Number three is the iZotope Alloy 2, because it has a multi-band transient designer, and it’s the same concept, except here, you’re going to be able to go on the hunt, find – say it’s like, 700Hz to 2kHz, and you can zone in on that frequency range, and pull back sustain for just that range. It’s going to be a little bit more natural sounding, and then sometimes you can actually get away with boosting some of that 200-400 range and filling out the vocal a little bit so it doesn’t seem like it’s missing as much. It’s not great, but it may help you sound a little bit better.


In addition to that, my recommendation is to not smash the vocal. Don’t use as much compression. Try riding the vocal more, or if you’re on Pro Tools, automate the clip gain. It could be a great way to save a closet vocal sound.

Then number five, I want to give a shout out to my man John Titey***. I think it was him who first mentioned the iZotope RX 4 bundle in one of the Facebook groups.

I don’t personally own this yet, but I’ve heard amazing things from people I trust, and it may be exactly what you need. Especially if you’re dealing with this problem from a lot of your clients. It could be a worthwhile investment.

iZotope has a free 10 day trial on their website. If you’re interested in test driving it for yourself, shout out to John again. I appreciate him looking out in the forums.

Number six – sorry, man. The hi-fi vocal sound may not work, but with all of the cool plug-ins out there to make things sound different, we’ve got a ton of options to throw some cool effects on the vocals to make it fit the track without the quote, unquote, “closet vocal sound” become distracting.

Guitar amps, crazy EQs, saturation based effects, like FabFilter Saturn, SansAmp, Plug-N-Mix has got a ton of different things. Go to Analoger INTO a guitar amp. I think they even have three or four guitar amps. Extremely affordable options. There are so many different ways that we can deal with a messy vocal sound, give it character, help it fit the situation.

But in closing, remember, I didn’t say to jump in and mix the drums, and then the bass, and then the music, and build this awesome, big, modern sounding track, to then eventually get to the vocal and put it on the back burner. You’re going to absolutely destroy the mix if you try to wait until the end and procrastinate on dealing with a closet vocal sound, and the reason is, if you build this big awesome sounding music bed, and then you try to pop a closet vocal, or even a filtered vocal on top, they’re just not going to play together very often. So it’s going to sound very out of whack, and it’s not going to work.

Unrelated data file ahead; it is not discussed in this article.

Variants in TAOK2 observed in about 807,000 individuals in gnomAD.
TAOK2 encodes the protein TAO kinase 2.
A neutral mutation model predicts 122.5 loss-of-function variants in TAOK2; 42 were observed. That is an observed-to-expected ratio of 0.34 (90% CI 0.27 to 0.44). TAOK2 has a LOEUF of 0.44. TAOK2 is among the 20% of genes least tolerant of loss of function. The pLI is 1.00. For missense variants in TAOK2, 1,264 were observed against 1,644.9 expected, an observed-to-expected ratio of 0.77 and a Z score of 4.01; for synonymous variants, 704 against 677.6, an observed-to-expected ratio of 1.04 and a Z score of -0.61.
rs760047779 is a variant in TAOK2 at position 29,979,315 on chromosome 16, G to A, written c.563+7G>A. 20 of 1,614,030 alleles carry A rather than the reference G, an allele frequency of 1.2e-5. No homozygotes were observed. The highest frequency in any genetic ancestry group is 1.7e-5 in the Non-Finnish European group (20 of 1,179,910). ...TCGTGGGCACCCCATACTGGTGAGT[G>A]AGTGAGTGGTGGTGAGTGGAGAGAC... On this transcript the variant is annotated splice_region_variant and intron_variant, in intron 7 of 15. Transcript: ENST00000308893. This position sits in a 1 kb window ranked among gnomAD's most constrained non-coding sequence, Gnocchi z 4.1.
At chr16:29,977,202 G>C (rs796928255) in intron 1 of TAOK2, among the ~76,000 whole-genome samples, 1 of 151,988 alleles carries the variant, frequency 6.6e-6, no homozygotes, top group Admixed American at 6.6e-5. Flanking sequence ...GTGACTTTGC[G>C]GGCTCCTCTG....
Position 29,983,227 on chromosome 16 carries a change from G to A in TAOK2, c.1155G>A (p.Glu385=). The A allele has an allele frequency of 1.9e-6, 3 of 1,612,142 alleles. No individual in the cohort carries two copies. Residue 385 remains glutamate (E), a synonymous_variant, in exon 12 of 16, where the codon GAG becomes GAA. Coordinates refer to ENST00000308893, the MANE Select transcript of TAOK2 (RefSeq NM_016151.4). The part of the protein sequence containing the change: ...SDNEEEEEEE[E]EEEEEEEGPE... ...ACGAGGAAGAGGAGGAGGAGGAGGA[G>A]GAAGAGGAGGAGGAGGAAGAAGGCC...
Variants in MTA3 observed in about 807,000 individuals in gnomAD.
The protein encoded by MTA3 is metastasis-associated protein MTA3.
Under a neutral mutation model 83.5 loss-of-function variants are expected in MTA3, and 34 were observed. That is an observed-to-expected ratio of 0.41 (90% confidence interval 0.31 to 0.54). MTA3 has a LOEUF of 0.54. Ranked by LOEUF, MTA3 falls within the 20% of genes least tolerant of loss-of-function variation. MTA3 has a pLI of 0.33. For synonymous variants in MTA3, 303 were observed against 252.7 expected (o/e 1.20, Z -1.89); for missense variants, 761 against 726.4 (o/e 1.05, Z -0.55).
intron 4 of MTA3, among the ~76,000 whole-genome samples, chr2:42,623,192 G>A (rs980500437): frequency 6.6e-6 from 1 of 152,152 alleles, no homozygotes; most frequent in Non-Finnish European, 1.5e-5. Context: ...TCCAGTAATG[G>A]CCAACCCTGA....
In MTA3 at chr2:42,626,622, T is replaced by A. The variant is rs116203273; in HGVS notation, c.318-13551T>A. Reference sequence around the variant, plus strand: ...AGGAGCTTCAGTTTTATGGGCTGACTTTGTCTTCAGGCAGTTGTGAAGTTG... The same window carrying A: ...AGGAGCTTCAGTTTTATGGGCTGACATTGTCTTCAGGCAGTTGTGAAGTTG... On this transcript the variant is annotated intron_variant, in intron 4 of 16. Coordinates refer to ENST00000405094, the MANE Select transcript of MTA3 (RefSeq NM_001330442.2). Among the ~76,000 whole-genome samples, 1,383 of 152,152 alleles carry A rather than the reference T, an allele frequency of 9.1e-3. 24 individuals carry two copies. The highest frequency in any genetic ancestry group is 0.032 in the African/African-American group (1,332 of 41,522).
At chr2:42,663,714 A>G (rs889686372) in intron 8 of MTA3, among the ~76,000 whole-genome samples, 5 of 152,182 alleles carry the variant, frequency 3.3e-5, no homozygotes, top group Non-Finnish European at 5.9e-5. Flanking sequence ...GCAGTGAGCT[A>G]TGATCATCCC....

Instead, establish your plan of attack before hand, because then you can make decisions with the drums, the bass, keys, guitars, etcetera that will work well with the poorly recorded vocal. In a situation like that, I would almost recommend mixing the vocal first, establishing that vocal sound, and then building the song around that so that things can sound more cohesive in the end.

Now, I said a lot, and I said it quickly, but I wanted to try to layout a foundation for you when dealing with a closet vocal sound, or a poorly recorded vocal, and probably would be worthwhile for me to do some tutorials to demonstrate some of those techniques, so we’ll keep that in mind.

But thanks again Michael for the question. If you want to have your question answered on the Ask David Glenn Podcast, shoot me an e-mail to, with the subject line, “Ask David Glenn.”

Also, you can head to, and you can shoot me your voicemail straight from the website, and I can include that in the Podcast.

So thanks again for checking it out! I appreciate you. Have a great one, and I’ll catch you in the next episode of the Ask David Glenn Podcast.


David Glenn

David Glenn is a producer/engineer/musician based out of Orlando, FL. Credits include: Pablo Villatoro, Blanca Callahan (Group 1 Crew), Aimee Allen, and more. Learn more and get in touch at